Allen Morgan with his
Liquid Mix set-up.
New York (May 5, 2009)–Producer Allen Morgan was thrilled when he was contacted by The Commodores to do a remix of their 1977 hit, “Brick House.”
“I had done some work for Dolly Parton,” he recalls. “Her manager is friends with the Commodores’ manager, who thought a remix would be a great idea. I met with the band in Las Vegas and they thought it was a great idea.”
The new remix proved to be an opportunity for Morgan to use his Focusrite Liquid Mix to accentuate the old-school vibe of the song, using vintage compressor and EQ emulation plug-ins while also introducing modern elements with the Liquid Mix’s modern emulations.
Morgan took the roles of producer and remixer, with the goal of creating a modern, club-friendly take on this classic funk/soul single. Lead vocalist/drummer Walter “Clyde” Orange says the band wanted the remix to be “very different. We’re an R&B/pop band, and we wanted to do something that’s ‘not us.’ Music has changed.”
The challenge was to turn this classic tune into a modern piece that captures the attention of both old and new audiences. “It’s a real honor to work on a song like this,” says Morgan, “but at the same time, it’s a lot of pressure. All over the world, everybody knows ‘Brick House’ and I wanted to honor the original while making a remix that holds its own.”
Morgan had full access to the band itself as well as the multitrack tapes. Recording took place in stages, all in the digital realm. The current band of Orange, William “Wak” King and J.D. Nichols did vocals, with studio musicians handling the instrumental tracks. As producer, Morgan traveled to Washington, DC to capture the tune’s signature horn sound courtesy of the Pietasters, an area ska band.
For the remix, Morgan used the Liquid Mix to create compressor/EQ audio chains that were true to the song’s 70s roots, with a mix of tube and solid state gear. He added the Liquid Mix plug-in to virtually every element, plus the final stereo mix. Among the EQ emulations used were the Brit Desk 5 (SSL G Series 6-band EQ), Trany 4 (API 550b 4-band EQ), and Old Tube 1 (Pultec EQP1 3/4-band EQ), paired with compressor emulations including US Vintage Tube 1 (Fairchild Model 670), Copy Cat (Empirical Labs EL8 Distressor), and Stellar 1 (1176LN). Morgan’s audio chains for lead vocals, backing vocals and horns are available on the Focusrite website.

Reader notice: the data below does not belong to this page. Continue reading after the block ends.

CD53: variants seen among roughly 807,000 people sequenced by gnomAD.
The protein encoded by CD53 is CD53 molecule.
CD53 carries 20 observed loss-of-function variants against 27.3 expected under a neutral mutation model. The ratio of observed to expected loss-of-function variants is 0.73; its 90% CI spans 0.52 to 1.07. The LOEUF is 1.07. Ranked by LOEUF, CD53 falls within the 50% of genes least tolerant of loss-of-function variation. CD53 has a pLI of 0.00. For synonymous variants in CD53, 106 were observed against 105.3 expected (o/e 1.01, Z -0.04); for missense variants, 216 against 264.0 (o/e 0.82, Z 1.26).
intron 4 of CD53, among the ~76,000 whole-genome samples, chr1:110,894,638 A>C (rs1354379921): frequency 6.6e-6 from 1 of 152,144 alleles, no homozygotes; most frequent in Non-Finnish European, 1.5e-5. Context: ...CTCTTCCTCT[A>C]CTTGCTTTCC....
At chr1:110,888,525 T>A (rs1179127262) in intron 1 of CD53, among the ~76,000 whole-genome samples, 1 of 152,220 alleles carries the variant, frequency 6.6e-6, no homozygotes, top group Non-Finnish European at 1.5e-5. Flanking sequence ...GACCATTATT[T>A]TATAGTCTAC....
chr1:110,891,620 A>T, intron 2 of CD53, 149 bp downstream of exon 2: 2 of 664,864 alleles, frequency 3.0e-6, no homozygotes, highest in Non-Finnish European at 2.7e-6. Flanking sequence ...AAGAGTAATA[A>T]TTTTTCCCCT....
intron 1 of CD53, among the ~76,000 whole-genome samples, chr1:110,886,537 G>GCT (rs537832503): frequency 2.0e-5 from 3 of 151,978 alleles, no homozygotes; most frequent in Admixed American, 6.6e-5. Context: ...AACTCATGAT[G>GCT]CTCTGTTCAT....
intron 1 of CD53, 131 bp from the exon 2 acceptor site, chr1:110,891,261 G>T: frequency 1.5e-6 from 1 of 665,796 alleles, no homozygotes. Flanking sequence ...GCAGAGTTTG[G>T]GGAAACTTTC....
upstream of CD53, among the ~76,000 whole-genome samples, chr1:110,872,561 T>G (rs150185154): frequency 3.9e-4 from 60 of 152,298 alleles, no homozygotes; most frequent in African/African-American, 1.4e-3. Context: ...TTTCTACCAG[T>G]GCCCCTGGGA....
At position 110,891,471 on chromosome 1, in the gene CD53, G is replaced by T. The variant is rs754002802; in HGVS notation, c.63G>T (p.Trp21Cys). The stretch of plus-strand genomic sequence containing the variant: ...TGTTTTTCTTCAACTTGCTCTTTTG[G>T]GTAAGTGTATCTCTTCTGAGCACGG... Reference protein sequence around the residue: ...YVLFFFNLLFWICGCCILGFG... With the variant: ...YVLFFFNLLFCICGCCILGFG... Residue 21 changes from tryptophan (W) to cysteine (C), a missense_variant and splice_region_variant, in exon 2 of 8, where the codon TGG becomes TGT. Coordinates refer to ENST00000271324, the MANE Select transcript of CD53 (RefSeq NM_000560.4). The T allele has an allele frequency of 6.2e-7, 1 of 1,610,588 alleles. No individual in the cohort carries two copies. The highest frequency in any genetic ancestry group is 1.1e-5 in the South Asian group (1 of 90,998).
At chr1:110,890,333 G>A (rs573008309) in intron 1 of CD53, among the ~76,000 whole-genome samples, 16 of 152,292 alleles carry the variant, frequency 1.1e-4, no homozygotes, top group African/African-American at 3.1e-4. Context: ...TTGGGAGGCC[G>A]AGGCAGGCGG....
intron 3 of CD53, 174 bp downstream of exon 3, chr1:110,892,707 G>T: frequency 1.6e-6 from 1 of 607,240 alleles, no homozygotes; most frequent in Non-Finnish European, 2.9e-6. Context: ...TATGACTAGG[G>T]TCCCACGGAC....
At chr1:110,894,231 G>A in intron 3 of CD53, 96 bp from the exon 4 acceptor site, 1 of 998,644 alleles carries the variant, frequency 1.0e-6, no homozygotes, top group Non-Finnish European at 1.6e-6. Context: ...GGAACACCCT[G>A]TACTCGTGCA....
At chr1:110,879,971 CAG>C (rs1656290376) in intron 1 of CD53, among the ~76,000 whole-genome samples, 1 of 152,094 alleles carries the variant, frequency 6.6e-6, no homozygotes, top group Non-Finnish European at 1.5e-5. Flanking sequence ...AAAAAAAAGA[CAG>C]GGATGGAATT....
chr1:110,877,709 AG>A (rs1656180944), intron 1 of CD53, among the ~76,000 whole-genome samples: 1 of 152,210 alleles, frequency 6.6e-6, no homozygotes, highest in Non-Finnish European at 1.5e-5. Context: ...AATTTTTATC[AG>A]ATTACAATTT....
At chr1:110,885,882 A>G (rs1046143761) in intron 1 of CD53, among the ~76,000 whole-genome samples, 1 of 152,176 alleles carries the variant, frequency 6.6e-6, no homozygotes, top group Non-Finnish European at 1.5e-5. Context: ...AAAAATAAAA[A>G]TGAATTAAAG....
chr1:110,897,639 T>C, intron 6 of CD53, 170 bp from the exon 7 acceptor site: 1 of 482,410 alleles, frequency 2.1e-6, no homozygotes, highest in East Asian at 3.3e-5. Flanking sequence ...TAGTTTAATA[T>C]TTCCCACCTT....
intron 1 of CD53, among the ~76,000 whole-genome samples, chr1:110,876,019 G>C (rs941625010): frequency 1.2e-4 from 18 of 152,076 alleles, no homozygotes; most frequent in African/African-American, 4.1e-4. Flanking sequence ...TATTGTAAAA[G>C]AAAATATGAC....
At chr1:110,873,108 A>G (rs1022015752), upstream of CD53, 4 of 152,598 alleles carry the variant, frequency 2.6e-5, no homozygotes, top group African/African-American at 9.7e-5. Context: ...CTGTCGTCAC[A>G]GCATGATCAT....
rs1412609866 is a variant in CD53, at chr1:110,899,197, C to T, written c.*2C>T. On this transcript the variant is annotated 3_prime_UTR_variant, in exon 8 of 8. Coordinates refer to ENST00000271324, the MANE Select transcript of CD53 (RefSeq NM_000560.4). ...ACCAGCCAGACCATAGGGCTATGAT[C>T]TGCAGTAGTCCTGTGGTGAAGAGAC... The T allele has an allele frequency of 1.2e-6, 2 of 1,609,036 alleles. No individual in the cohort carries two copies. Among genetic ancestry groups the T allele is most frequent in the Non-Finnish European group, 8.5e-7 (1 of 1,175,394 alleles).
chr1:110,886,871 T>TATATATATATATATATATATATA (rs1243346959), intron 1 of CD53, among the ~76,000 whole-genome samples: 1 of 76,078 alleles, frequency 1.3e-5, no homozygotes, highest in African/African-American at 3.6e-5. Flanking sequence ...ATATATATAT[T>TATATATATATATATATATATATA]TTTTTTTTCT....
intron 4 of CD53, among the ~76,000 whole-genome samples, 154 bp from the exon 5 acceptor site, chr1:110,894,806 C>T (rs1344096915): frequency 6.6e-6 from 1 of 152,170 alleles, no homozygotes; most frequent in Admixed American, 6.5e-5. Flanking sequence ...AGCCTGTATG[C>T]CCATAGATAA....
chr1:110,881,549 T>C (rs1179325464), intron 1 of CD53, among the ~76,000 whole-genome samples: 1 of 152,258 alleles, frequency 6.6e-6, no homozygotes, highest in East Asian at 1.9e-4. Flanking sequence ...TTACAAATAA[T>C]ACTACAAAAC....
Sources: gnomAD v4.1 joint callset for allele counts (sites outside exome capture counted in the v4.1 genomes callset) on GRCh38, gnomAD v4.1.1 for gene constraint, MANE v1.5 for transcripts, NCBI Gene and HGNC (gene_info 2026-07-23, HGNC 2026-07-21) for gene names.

“It’s no secret that the vintage stuff just sounds better. If it didn’t, there would be no market for it and it wouldn’t be called vintage; it would be called obsolete,” Morgan explains. “Obviously, I have my favorites. I really love BritDesk5. It’s based on the 6-band EQ of an SSL G Series console. I use that all the time.”
For the final mix, Morgan rented a bare room in an L.A.-area mastering house and brought in his personal system, an Apple computer running Steinberg Nuendo software, augmented by an RME Digiface soundcard, Novation ReMOTE 25 Midi controller and his Liquid Mix. “For a remix like this, the track count is insane, maybe up to 120. You have 20 tracks of horns, 12 tracks of vocals–it adds up pretty quickly. That’s where Liquid Mix comes in. I have all my favorite audio chains saved for instant recall, and it gives me 32 tracks of 24-bit, 48 kHz of DSP to use on my audio groups without loading down my computer.
“Liquid Mix is one of my go-to tools,” he summarizes. “It gives me access to all the vintage analog gear I love, anytime and in any location. Plus, I love the fact that it’s also a control surface. I like mixing with my ears, not my eyes, so I love having the ability to make changes without using a mouse.”
“For me, this is a whole new sound, and it is exciting,” says Orange. “This version of ‘Brick House’ sounds good, feels good, has a positive vibe, and is a whole new avenue for the Commodores. The electronic instrumentation puts a great twist on our music. Now, not only are the lyrics captivating, but the sound is as well.”
The Commodores’ “Brick House” remix is scheduled for worldwide release this coming summer.